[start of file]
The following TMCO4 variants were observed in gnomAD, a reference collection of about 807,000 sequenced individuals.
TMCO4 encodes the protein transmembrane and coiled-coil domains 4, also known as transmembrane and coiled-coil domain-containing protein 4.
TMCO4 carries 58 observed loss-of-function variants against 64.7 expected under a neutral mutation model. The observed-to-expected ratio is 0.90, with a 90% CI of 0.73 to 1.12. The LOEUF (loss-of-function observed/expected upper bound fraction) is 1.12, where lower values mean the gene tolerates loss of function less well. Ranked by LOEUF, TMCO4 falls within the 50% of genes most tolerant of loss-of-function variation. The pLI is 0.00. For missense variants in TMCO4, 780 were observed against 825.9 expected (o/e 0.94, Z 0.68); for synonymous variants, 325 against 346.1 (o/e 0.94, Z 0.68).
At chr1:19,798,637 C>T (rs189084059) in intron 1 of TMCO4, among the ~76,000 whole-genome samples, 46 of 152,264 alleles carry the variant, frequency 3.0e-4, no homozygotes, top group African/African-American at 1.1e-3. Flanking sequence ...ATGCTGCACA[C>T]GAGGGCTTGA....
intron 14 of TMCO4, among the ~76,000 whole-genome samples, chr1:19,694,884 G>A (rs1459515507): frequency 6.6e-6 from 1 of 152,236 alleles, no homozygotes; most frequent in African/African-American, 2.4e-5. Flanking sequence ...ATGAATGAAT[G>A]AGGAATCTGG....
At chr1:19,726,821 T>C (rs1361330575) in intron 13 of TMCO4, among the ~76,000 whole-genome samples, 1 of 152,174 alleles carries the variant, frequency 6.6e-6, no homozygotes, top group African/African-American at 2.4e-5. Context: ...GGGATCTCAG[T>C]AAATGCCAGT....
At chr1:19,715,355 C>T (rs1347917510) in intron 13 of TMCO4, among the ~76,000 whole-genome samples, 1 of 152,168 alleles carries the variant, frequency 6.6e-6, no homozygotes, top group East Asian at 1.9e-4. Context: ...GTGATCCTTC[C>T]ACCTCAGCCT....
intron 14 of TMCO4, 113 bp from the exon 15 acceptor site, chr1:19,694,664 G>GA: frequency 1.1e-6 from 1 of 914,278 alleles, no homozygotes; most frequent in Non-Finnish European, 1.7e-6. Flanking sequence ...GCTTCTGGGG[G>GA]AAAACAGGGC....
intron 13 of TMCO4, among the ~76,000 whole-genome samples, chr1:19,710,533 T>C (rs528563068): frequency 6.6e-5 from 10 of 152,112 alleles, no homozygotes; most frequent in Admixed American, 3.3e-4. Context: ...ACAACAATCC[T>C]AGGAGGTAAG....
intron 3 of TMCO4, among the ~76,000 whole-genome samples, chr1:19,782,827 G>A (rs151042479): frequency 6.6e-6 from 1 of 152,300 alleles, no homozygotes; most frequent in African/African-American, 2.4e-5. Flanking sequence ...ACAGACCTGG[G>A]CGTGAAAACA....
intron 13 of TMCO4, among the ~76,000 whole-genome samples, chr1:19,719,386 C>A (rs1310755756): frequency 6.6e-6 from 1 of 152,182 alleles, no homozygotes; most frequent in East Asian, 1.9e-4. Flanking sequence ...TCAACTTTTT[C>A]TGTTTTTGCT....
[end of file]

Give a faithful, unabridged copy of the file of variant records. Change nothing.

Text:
The following TMCO4 variants were observed in gnomAD, a reference collection of about 807,000 sequenced individuals.
TMCO4 encodes the protein transmembrane and coiled-coil domains 4, also known as transmembrane and coiled-coil domain-containing protein 4.
TMCO4 carries 58 observed loss-of-function variants against 64.7 expected under a neutral mutation model. The observed-to-expected ratio is 0.90, with a 90% CI of 0.73 to 1.12. The LOEUF (loss-of-function observed/expected upper bound fraction) is 1.12, where lower values mean the gene tolerates loss of function less well. Ranked by LOEUF, TMCO4 falls within the 50% of genes most tolerant of loss-of-function variation. The pLI is 0.00. For missense variants in TMCO4, 780 were observed against 825.9 expected (o/e 0.94, Z 0.68); for synonymous variants, 325 against 346.1 (o/e 0.94, Z 0.68).
At chr1:19,798,637 C>T (rs189084059) in intron 1 of TMCO4, among the ~76,000 whole-genome samples, 46 of 152,264 alleles carry the variant, frequency 3.0e-4, no homozygotes, top group African/African-American at 1.1e-3. Flanking sequence ...ATGCTGCACA[C>T]GAGGGCTTGA....
intron 14 of TMCO4, among the ~76,000 whole-genome samples, chr1:19,694,884 G>A (rs1459515507): frequency 6.6e-6 from 1 of 152,236 alleles, no homozygotes; most frequent in African/African-American, 2.4e-5. Flanking sequence ...ATGAATGAAT[G>A]AGGAATCTGG....
At chr1:19,726,821 T>C (rs1361330575) in intron 13 of TMCO4, among the ~76,000 whole-genome samples, 1 of 152,174 alleles carries the variant, frequency 6.6e-6, no homozygotes, top group African/African-American at 2.4e-5. Context: ...GGGATCTCAG[T>C]AAATGCCAGT....
At chr1:19,715,355 C>T (rs1347917510) in intron 13 of TMCO4, among the ~76,000 whole-genome samples, 1 of 152,168 alleles carries the variant, frequency 6.6e-6, no homozygotes, top group East Asian at 1.9e-4. Context: ...GTGATCCTTC[C>T]ACCTCAGCCT....
intron 14 of TMCO4, 113 bp from the exon 15 acceptor site, chr1:19,694,664 G>GA: frequency 1.1e-6 from 1 of 914,278 alleles, no homozygotes; most frequent in Non-Finnish European, 1.7e-6. Flanking sequence ...GCTTCTGGGG[G>GA]AAAACAGGGC....
intron 13 of TMCO4, among the ~76,000 whole-genome samples, chr1:19,710,533 T>C (rs528563068): frequency 6.6e-5 from 10 of 152,112 alleles, no homozygotes; most frequent in Admixed American, 3.3e-4. Context: ...ACAACAATCC[T>C]AGGAGGTAAG....
intron 3 of TMCO4, among the ~76,000 whole-genome samples, chr1:19,782,827 G>A (rs151042479): frequency 6.6e-6 from 1 of 152,300 alleles, no homozygotes; most frequent in African/African-American, 2.4e-5. Flanking sequence ...ACAGACCTGG[G>A]CGTGAAAACA....
intron 13 of TMCO4, among the ~76,000 whole-genome samples, chr1:19,719,386 C>A (rs1310755756): frequency 6.6e-6 from 1 of 152,182 alleles, no homozygotes; most frequent in East Asian, 1.9e-4. Flanking sequence ...TCAACTTTTT[C>A]TGTTTTTGCT....